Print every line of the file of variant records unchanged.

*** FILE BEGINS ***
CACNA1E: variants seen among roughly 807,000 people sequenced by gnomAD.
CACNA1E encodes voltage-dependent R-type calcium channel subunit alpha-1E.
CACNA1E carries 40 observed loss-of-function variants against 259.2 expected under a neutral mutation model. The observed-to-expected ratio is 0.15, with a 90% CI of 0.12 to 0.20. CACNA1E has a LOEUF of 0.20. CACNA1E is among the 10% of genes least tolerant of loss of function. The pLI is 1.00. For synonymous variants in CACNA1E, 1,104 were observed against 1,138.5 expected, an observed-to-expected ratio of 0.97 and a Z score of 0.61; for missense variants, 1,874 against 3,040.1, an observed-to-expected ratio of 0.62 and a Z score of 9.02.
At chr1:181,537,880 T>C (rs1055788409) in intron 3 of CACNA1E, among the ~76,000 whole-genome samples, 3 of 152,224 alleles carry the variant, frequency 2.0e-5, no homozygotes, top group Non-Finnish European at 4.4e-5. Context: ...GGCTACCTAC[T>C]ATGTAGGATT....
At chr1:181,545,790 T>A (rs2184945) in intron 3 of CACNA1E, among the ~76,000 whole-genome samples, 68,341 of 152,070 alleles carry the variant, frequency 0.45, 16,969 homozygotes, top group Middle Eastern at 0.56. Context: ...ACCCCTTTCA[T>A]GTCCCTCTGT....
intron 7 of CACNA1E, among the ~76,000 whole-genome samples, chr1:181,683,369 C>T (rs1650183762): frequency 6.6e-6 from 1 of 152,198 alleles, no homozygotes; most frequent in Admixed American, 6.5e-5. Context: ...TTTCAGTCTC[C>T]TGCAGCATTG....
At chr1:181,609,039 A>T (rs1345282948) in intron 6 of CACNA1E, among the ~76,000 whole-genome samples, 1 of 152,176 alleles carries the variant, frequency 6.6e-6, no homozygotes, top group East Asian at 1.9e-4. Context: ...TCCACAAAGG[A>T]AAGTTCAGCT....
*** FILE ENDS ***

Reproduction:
CACNA1E: variants seen among roughly 807,000 people sequenced by gnomAD.
CACNA1E encodes voltage-dependent R-type calcium channel subunit alpha-1E.
CACNA1E carries 40 observed loss-of-function variants against 259.2 expected under a neutral mutation model. The observed-to-expected ratio is 0.15, with a 90% CI of 0.12 to 0.20. CACNA1E has a LOEUF of 0.20. CACNA1E is among the 10% of genes least tolerant of loss of function. The pLI is 1.00. For synonymous variants in CACNA1E, 1,104 were observed against 1,138.5 expected, an observed-to-expected ratio of 0.97 and a Z score of 0.61; for missense variants, 1,874 against 3,040.1, an observed-to-expected ratio of 0.62 and a Z score of 9.02.
At chr1:181,537,880 T>C (rs1055788409) in intron 3 of CACNA1E, among the ~76,000 whole-genome samples, 3 of 152,224 alleles carry the variant, frequency 2.0e-5, no homozygotes, top group Non-Finnish European at 4.4e-5. Context: ...GGCTACCTAC[T>C]ATGTAGGATT....
At chr1:181,545,790 T>A (rs2184945) in intron 3 of CACNA1E, among the ~76,000 whole-genome samples, 68,341 of 152,070 alleles carry the variant, frequency 0.45, 16,969 homozygotes, top group Middle Eastern at 0.56. Context: ...ACCCCTTTCA[T>A]GTCCCTCTGT....
intron 7 of CACNA1E, among the ~76,000 whole-genome samples, chr1:181,683,369 C>T (rs1650183762): frequency 6.6e-6 from 1 of 152,198 alleles, no homozygotes; most frequent in Admixed American, 6.5e-5. Context: ...TTTCAGTCTC[C>T]TGCAGCATTG....
At chr1:181,609,039 A>T (rs1345282948) in intron 6 of CACNA1E, among the ~76,000 whole-genome samples, 1 of 152,176 alleles carries the variant, frequency 6.6e-6, no homozygotes, top group East Asian at 1.9e-4. Context: ...TCCACAAAGG[A>T]AAGTTCAGCT....